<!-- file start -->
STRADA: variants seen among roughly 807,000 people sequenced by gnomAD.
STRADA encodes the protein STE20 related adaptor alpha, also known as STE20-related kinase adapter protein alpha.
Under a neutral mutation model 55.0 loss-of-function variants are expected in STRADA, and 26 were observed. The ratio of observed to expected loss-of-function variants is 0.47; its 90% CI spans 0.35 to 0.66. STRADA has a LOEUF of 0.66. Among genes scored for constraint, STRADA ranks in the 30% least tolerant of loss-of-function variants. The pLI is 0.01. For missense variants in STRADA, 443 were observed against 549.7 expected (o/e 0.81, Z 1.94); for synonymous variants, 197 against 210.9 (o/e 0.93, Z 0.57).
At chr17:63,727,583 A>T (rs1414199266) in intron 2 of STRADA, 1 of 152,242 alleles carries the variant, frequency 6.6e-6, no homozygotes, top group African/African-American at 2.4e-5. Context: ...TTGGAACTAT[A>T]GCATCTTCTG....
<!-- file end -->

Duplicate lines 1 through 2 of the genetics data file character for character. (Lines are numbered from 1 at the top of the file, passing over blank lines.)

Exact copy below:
STRADA: variants seen among roughly 807,000 people sequenced by gnomAD.
STRADA encodes the protein STE20 related adaptor alpha, also known as STE20-related kinase adapter protein alpha.